Germinal choice technology and the human future
Stock G.
UCLA School of Public Health,
Los Angeles, CA, USA.
Reprod Biomed Online. 2005 Mar;10 Suppl 1:27-35.


This paper examines the likely impacts of emerging technologies that will give prospective parents the potential to directly influence the genetics of their offspring. My primary focus is on advanced prenatal genetic diagnosis (PGD) for both disease and non-disease traits, since this is likely to emerge before such possibilities as direct germline engineering. I place these technologies within the larger context of today's revolution in the life sciences and consider the progress likely to occur in this realm in the next few generations. I take a common sense look at the types of screening choices people are likely to make once these possibilities become possible, their broad consequences for human society, and the advantages and disadvantages of plausible regulatory paths in this realm. I also reflect upon today's debate about cloning and other such issues in the life sciences, looking at the driving forces behind these discussions and the tensions likely to develop in the next few decades.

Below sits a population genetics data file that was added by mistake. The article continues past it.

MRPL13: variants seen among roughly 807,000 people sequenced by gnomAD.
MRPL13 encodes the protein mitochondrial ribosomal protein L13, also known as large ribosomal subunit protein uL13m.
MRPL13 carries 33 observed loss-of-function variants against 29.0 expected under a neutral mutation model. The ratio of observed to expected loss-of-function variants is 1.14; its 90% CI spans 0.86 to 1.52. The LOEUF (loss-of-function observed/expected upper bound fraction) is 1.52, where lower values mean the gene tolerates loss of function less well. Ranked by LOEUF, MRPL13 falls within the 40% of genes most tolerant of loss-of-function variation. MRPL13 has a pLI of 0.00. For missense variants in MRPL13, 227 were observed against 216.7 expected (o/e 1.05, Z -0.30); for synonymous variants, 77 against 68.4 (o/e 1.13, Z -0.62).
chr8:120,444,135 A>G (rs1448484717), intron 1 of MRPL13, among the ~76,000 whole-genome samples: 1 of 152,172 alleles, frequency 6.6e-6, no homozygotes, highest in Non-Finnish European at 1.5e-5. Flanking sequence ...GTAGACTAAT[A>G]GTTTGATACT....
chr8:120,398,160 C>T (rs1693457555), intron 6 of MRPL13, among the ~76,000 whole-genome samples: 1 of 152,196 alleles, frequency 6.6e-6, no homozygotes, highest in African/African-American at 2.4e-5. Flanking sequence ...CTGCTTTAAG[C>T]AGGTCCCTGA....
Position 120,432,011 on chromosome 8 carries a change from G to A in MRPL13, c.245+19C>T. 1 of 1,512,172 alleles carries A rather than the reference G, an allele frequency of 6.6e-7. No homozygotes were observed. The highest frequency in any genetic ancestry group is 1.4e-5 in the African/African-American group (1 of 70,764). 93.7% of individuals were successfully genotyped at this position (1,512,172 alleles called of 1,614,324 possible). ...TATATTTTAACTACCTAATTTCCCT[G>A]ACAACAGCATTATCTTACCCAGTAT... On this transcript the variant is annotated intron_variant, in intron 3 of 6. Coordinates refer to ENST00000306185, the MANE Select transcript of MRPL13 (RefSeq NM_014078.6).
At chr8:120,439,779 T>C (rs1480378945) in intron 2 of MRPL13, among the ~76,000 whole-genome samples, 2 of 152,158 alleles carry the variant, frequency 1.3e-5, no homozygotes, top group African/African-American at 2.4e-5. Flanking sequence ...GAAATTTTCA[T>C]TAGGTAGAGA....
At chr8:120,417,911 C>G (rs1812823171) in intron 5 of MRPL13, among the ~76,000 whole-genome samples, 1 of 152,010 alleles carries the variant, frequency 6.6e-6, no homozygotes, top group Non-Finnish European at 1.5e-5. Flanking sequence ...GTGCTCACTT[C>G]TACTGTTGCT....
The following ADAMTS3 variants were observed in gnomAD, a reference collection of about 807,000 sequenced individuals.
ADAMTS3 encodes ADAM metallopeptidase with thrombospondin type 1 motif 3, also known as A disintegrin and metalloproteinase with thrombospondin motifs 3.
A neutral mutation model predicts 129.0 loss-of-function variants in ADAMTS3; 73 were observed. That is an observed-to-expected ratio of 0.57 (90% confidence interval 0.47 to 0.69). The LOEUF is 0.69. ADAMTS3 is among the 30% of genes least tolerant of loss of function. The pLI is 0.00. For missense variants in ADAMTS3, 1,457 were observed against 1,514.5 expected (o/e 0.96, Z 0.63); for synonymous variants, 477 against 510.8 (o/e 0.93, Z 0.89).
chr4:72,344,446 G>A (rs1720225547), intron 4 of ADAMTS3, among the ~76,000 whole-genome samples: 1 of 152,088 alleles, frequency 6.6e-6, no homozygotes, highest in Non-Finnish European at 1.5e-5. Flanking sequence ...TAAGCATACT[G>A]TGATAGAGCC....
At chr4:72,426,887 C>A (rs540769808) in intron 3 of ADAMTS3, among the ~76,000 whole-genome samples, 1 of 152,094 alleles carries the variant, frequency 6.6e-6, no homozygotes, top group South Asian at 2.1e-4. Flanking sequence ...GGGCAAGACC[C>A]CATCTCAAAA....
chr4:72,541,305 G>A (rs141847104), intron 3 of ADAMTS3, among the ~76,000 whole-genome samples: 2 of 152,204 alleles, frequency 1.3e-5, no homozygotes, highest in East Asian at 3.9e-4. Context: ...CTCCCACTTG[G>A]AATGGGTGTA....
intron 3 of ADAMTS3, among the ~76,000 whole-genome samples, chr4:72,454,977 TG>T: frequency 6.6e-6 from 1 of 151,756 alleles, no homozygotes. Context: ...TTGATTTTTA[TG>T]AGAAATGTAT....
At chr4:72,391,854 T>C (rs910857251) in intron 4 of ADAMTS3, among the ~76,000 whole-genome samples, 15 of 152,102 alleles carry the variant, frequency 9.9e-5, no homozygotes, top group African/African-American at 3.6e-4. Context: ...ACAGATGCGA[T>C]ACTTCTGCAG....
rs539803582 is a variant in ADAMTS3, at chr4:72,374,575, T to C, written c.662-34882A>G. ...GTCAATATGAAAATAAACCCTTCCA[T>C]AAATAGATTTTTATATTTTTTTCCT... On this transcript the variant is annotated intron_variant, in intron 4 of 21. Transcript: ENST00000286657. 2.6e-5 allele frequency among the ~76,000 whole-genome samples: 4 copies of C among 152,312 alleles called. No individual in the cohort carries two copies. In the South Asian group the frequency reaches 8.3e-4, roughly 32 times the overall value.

Gene doping
Eugenics talk
Heritable HACs
Liberal Eugenics
'Designer babies'
Private eugenics
Personal genomics
Psychiatric genetics
Human self-domestication
Selecting potential children
Genetic moral enhancement
Preimplantation genetic diagnosis
'A life without pain? Hedonists take note'
Francis Galton and contemporary eugenics
Design constraints for the post-human future
Inherited neuronal ion channelopathies and pain
The neurological basis of the emotional dimension of pain
Germline genetic engineering, freedom and future generations

and further reading

BLTC Research
Utopian Surgery?
The Good Drug Guide
The Abolitionist Project
The Hedonistic Imperative
The Reproductive Revolution
MDMA: Utopian Pharmacology
Critique of Huxley's Brave New World